Learning and development is no longer a perk – it is a necessity and needs a full court press from both sides.


Organizations are stepping up and investing millions of dollars in L&D initiatives. JP Morgan Chase increased their $250 million upskilling investment to $600 million, Amazon has committed to spending $700 million on upskilling their employees, and PwC is investing $3 billion in upskilling over the next three to four years. Not many companies can afford to spend millions or billions of dollars, but all companies can afford to do something – or rather, they can’t afford not to. Learning and development can be accomplished with in-house training, third-party training like ON Point, off-site activities like the Women ON Point Signature Leadership Summits, management or sales training programs, mentorships, professional certifications or higher education, or 1:1 executive coaching engagements.


It’s also important for employees to step up as well. Leaders and managers are not mind-readers and need input, ideas, and transparency from their people. You can’t just wait for someone to tap you on the shoulder and offer and endless array of development opportunities. You need to know what your career goals and aspirations are; to have enough self-awareness to be able to identify your gaps and areas of growth and improvement; to be resourceful in finding options, courses, programs, leadership summits, coaches, and more; and to initiative the conversation with your manager, keep it top of mind, present a compelling business case if need, and drive it with confidence.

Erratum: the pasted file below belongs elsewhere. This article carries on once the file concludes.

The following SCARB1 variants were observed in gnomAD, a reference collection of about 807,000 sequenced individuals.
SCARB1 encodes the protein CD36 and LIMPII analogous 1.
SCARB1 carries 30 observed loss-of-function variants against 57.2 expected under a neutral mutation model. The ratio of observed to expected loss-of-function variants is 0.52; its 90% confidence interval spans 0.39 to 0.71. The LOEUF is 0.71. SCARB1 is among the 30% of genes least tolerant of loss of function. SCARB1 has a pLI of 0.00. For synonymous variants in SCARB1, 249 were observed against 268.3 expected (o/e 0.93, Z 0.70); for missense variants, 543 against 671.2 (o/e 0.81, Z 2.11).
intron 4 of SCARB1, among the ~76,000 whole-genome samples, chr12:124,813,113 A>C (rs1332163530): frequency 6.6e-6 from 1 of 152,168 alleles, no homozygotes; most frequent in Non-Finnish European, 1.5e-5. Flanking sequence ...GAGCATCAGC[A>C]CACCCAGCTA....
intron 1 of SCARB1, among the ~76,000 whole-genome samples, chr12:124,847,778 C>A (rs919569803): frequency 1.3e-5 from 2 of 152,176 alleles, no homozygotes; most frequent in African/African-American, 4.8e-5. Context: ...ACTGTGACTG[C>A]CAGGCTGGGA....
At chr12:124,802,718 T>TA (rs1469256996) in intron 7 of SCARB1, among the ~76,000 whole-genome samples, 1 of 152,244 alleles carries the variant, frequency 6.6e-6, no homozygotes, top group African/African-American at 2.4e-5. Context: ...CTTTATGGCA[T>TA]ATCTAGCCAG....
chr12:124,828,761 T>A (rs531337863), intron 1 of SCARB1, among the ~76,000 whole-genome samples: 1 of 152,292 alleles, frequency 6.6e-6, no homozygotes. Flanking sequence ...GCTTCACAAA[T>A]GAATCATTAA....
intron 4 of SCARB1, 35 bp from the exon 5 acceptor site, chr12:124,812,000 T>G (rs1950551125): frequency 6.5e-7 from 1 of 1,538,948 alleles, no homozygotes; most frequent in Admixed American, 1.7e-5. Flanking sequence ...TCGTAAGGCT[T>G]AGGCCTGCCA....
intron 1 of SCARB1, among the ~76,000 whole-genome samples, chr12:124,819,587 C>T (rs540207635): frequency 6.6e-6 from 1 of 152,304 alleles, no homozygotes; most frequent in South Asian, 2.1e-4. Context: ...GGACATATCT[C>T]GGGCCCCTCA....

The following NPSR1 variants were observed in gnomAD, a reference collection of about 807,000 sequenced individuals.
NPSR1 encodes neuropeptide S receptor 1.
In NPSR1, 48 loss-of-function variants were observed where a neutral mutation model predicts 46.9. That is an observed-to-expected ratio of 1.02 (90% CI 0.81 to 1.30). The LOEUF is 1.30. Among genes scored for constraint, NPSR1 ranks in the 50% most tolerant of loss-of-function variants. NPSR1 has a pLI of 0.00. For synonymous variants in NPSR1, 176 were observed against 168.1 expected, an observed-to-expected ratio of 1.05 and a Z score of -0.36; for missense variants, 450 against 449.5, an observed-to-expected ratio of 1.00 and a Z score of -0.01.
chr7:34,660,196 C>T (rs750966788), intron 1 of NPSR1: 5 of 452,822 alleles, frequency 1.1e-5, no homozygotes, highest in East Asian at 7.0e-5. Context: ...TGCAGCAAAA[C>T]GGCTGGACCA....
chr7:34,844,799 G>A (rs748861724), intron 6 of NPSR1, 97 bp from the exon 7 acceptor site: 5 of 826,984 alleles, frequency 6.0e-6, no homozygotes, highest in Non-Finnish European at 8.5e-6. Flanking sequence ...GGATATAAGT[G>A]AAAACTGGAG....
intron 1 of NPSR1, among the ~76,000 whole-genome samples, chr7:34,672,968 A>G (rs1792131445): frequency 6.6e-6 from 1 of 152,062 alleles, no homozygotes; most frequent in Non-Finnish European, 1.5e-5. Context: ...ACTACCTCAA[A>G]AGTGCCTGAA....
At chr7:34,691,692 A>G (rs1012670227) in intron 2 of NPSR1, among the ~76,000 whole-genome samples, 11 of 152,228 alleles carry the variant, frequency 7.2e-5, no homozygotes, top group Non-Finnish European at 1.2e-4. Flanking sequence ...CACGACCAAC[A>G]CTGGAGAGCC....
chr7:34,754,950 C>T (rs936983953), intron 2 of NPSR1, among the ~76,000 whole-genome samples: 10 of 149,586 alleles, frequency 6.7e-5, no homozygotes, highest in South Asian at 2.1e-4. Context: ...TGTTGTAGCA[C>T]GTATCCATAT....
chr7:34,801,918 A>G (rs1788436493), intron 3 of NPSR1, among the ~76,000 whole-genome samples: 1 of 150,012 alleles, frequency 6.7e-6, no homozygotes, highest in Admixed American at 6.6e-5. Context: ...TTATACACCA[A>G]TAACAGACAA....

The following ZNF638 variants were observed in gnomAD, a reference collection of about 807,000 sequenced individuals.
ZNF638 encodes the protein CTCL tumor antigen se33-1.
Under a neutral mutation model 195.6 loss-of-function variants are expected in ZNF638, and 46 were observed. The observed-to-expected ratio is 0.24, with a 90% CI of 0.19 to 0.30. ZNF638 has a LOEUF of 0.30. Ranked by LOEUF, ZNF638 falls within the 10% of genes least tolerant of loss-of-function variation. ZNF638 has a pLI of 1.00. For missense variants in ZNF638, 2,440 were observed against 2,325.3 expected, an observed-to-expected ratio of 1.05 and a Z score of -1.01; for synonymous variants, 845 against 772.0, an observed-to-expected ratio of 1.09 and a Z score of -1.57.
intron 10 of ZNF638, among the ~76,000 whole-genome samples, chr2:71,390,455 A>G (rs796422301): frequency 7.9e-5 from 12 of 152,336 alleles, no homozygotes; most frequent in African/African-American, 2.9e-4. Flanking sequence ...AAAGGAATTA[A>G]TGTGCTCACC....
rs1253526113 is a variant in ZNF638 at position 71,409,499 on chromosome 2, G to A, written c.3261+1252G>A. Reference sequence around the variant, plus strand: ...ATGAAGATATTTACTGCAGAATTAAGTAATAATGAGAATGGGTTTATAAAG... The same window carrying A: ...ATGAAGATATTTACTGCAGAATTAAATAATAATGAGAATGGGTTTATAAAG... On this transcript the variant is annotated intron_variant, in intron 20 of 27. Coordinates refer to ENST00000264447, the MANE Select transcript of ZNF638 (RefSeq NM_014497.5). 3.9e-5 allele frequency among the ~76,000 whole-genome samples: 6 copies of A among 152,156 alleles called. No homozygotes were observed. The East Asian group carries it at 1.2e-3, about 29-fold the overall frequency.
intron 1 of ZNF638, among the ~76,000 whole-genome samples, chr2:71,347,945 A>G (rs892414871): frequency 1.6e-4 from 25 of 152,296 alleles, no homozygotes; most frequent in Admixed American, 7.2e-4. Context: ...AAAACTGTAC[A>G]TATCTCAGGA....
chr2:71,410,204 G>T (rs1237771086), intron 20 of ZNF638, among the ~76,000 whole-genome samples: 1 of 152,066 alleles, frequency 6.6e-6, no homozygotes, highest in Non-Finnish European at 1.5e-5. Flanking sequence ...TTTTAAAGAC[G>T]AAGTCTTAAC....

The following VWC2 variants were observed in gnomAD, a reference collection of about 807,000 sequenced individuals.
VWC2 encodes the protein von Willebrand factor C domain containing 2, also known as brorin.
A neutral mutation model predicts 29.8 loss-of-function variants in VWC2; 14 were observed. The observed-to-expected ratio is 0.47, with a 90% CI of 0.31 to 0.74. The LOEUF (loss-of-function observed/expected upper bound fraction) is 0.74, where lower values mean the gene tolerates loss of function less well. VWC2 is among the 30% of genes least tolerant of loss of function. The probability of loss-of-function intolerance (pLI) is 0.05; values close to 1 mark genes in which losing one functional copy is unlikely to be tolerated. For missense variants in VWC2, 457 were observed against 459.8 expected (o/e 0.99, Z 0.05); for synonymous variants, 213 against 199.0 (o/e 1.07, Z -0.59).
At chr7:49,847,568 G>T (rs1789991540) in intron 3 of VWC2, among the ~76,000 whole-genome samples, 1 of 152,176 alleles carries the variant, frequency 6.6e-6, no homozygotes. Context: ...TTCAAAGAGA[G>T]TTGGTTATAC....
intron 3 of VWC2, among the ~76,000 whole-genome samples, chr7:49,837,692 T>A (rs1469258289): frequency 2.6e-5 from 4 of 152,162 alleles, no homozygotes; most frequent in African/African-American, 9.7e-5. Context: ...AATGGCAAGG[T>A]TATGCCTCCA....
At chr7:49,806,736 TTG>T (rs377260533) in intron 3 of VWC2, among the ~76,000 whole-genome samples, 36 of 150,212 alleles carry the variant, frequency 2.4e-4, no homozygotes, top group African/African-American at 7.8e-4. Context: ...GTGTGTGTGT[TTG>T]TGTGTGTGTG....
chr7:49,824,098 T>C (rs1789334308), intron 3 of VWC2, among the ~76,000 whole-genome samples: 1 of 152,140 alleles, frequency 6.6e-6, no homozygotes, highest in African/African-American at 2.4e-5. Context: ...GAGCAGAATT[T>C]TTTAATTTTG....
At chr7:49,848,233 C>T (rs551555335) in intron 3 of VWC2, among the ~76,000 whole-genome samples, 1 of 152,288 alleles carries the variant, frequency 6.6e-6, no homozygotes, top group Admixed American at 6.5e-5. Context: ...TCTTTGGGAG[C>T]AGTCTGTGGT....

When you and your manager share a common goal that growth and development is the top priority and create a winning game plan, then you are well on your way to your own Final Four.

If you had to describe your personal brand, what would it be? Are you the go-to person at your company whenever there’s a difficult task? Are you a trailblazer who loves thinking outside the box and implementing new ideas? Your personal brand not only describes who you are and what’s important to you, but it also helps differentiate the value you bring to your particular role and your company.

Just Google “personal brand” and “career,” and you’ll find more than a billion — yes, that’s BILLION — results on why your brand matters and how to define yours so that you get the results you want. One thing stands out across the board, however; your personal brand is what makes you stand out from the crowd.

Your personal brand can give you a greater competitive advantage in securing your next promotion, raise, Board seat or even a new job. Yet, building the right brand can be tricky. If you’re looking to get ahead and stay ahead this year, here are the secrets to building a brand that will help you at any stage of your career.


Ask Yourself This Question

Personal branding is fundamentally about defining who you are as a person and a leader. But for many, diving into what makes them tick can feel very overwhelming. So instead of tackling big existential questions, start by asking yourself this bite-size question: what is the reputation you’re consciously trying to build?

You enter a room with executive presence, and your personal brand is what you leave behind. It’s how people experience you and what they remember when you’re not there. For example, your executive presence can be confident, poised and decisive, but your personal brand can be a super-responsive team player who always gets things done. Begin by identifying the skills you bring to the table, then ask yourself how you want others to view those qualities. Write down the traits you want to be remembered for and which superlatives you want others to use when talking about you. This will give you a great foundation for defining your personal brand.


Be Authentic